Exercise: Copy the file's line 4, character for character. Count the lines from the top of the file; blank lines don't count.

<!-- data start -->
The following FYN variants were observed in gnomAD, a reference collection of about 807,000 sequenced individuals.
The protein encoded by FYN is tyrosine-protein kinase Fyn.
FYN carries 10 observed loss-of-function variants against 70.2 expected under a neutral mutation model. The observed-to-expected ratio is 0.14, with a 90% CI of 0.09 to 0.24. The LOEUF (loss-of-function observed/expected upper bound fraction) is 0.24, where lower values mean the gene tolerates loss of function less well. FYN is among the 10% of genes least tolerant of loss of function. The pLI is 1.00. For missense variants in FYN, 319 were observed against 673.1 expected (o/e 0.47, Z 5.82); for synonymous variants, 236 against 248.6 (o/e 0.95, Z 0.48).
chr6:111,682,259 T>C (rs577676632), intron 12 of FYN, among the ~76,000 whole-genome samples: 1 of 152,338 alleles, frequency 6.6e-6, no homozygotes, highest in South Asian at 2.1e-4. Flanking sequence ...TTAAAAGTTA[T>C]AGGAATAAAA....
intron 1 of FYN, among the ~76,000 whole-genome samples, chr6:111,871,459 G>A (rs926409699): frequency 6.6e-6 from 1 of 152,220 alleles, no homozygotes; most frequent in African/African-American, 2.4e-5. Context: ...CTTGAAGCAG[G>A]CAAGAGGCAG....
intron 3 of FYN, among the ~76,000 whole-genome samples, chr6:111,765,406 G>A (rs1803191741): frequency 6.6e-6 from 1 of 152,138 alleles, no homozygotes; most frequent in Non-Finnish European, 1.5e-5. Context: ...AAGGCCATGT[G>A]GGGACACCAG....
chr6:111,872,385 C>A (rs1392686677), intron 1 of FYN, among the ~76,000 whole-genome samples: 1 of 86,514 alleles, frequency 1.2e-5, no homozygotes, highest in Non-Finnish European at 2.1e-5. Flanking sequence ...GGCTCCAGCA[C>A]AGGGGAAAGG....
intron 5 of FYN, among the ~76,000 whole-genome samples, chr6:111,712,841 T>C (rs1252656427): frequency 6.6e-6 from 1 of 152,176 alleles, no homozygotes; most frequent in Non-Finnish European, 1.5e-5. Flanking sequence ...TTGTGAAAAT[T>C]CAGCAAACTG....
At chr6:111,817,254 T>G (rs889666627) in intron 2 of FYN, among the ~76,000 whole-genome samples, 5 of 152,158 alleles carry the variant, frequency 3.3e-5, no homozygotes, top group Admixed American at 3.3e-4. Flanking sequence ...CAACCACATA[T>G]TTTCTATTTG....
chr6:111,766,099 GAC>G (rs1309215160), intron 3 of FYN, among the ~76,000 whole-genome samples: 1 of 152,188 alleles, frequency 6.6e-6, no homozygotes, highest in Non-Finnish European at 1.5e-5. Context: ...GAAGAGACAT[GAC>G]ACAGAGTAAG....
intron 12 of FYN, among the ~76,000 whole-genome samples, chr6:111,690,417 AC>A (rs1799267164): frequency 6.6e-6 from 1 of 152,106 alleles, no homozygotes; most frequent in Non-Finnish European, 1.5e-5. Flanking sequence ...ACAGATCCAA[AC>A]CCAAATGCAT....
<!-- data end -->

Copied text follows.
chr6:111,682,259 T>C (rs577676632), intron 12 of FYN, among the ~76,000 whole-genome samples: 1 of 152,338 alleles, frequency 6.6e-6, no homozygotes, highest in South Asian at 2.1e-4. Flanking sequence ...TTAAAAGTTA[T>C]AGGAATAAAA....